# Why does this expression not have a vertical asymptote?

• mharten1
In summary, the student was trying to find the limit at infinity for a rational function and incorrectly thought that there was a vertical asymptote at x = 1. After cancelling out the x-1 value in the denominator, the student was unable to simplify the function further and was left with a question about what to do next.
mharten1

## Homework Statement

Find the vertical asymptote, if there is one, of this rational function.

$$\frac{\sqrt{16x^2 + 3x + 6} -5}{x-1}$$

## The Attempt at a Solution

This was actually a Calculus problem, I had to find the limit at infinity. I was able to do that easily; an extra question asked what the vertical asymptote was. I see an obvious V.A. at $$x = 1$$ but the answer was that there isn't one. What am I doing wrong? I feel as I'm just overlooking the obvious. Canceling out doesn't change the fact that a vertical asymptote exists, correct? Plus I don't really see a way to simplify the function, other than multiplying by the conjugate, but that wasn't the point of the problem. I think there's a more obvious way of getting the answer.

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what I see right off is that as x approaches 1, the value approaches 5, not infinity, so I don't see an asymtote there, but I can't give you a rigorous proof.

mharten1 said:

## Homework Statement

Find the vertical asymptote, if there is one, of this rational function.

$$\frac{\sqrt{16x^2 + 3x + 6} -5}{x-1}$$

## The Attempt at a Solution

This was actually a Calculus problem, I had to find the limit at infinity. I was able to do that easily; an extra question asked what the vertical asymptote was. I see an obvious V.A. at $$x = 1$$ but the answer was that there isn't one. What am I doing wrong? I feel as I'm just overlooking the obvious. Canceling out doesn't change the fact that a vertical asymptote exists, correct?
Wrong.
Plus I don't really see a way to simplify the function, other than multiplying by the conjugate, but that wasn't the point of the problem. I think there's a more obvious way of getting the answer.

What did you get after the "cancelling out" occurred?

SammyS said:
Wrong.

What did you get after the "cancelling out" occurred?

Multiplying by the conjugate didn't affect anything. I don't think simplifying it is the correct way to get the answer.

I realize now that I was wrong about the canceling out part. For some reason I was confusing discontinuities with vertical asymptotes.

Just to clarify, I was always told that if you have the function $$\frac{x^2-1}{x-1}$$, the correct graph would include the removable discontinuity at x = 1 even though the function can be simplified. Is that true?

mharten1 said:
Just to clarify, I was always told that if you have the function $$\frac{x^2-1}{x-1}$$, the correct graph would include the removable discontinuity at x = 1 even though the function can be simplified. Is that true?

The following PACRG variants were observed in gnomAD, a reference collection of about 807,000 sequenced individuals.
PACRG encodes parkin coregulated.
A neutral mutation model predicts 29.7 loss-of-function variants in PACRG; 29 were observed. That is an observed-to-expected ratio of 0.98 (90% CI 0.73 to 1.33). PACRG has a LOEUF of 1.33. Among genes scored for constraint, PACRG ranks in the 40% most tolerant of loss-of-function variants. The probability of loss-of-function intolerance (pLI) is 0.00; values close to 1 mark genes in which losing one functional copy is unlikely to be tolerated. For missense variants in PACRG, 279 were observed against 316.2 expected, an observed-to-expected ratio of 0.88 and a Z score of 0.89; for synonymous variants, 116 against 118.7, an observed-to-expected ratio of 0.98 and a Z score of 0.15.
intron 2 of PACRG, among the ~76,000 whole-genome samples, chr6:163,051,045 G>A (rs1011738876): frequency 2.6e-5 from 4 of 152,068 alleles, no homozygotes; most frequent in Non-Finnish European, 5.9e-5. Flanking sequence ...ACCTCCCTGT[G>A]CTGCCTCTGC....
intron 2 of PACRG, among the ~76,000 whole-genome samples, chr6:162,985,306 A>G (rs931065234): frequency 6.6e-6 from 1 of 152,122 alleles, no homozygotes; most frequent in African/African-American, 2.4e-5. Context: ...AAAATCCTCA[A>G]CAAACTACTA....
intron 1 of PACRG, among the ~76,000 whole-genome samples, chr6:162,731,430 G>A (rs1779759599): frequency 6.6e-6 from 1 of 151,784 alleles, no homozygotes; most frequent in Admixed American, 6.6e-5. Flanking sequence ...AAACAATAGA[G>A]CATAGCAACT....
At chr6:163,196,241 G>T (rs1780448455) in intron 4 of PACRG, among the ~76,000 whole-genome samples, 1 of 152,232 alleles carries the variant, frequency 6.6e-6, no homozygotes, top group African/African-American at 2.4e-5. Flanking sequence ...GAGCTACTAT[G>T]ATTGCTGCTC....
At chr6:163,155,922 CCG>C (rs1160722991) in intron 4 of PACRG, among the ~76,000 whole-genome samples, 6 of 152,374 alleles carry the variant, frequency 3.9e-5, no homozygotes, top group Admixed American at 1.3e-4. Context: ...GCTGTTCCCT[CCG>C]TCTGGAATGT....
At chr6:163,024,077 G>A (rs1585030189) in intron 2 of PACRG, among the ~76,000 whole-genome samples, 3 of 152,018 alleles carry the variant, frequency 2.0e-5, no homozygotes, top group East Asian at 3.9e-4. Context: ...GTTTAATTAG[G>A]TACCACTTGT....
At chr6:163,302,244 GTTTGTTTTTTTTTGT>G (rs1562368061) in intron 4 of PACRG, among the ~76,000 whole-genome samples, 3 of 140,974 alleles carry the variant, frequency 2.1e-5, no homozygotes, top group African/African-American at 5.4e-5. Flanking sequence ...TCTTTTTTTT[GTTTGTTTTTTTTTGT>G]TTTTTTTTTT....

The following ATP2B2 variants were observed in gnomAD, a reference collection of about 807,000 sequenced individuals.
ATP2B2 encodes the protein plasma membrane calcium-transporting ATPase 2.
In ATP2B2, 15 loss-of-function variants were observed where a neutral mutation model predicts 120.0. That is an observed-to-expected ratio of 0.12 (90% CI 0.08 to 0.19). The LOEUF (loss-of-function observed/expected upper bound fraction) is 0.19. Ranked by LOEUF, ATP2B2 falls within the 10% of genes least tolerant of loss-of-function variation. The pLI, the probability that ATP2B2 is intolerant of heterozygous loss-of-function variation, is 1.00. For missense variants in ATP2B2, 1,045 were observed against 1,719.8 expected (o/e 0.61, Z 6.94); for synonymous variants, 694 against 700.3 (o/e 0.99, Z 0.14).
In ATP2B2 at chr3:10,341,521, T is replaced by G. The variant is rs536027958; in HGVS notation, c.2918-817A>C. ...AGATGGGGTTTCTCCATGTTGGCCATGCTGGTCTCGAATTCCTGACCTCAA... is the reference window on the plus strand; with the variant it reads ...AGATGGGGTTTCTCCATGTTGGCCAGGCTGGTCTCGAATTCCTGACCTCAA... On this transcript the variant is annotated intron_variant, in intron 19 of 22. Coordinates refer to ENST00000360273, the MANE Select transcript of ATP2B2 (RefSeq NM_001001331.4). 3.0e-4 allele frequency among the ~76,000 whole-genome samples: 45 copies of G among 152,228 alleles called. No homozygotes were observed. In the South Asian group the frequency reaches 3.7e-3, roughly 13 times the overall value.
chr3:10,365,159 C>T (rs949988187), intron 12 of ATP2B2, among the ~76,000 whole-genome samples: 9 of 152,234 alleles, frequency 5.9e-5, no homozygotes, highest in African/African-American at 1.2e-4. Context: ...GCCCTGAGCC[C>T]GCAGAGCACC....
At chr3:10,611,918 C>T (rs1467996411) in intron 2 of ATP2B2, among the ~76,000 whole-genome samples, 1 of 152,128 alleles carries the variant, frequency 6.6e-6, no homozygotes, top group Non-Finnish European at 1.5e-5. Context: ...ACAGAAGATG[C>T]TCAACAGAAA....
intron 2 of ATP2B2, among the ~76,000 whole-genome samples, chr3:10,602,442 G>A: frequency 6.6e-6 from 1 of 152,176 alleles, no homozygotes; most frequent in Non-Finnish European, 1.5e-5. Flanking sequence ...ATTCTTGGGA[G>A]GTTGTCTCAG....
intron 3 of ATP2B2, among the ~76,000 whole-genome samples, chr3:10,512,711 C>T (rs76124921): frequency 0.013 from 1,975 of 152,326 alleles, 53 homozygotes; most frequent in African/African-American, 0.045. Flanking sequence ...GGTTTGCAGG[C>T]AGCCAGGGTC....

Yes and no.

It's probable that, for what you actually mean by the symbols, the answer is "yes". (and the answer is certainly yes for whoever told you that)

Sometimes, however, people use the same symbols for different purposes. The two most important variations are:
1. They are working with polynomials rather than polynomial functions. (The distinction is rather subtle) If you take the quotient first, and only then convert into a function, the result doesn't have any removable singularities.
2. Sometimes people use / to mean "divide and then remove all removable singularities" rather than just "divide"

Another important variation is to simply treat functions that differ only at a finite number of points* as if they were the same function. Of course, in this context, it doesn't make any difference whether or not you include a removable singularity at some point, because both graphs are treated as if they were the same.

*: actually, if they differ on a set of measure zero. You're not expected to know what that means -- you just need to know what I wrote is a special case.

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mharten1 said:
Multiplying by the conjugate didn't affect anything. I don't think simplifying it is the correct way to get the answer.

I realize now that I was wrong about the canceling out part. For some reason I was confusing discontinuities with vertical asymptotes.
Actually, multiplying the numerator & denominator by the conjugate of the numerator does "cancel out" the x - 1 in the denominator.
Just to clarify, I was always told that if you have the function $$\frac{x^2-1}{x-1}$$, the correct graph would include the removable discontinuity at x = 1 even though the function can be simplified. Is that true?
In the context of pre-calculus and/or Calc. I, I would say, Yes, the correct graph has a removable discontinuity at x = 1.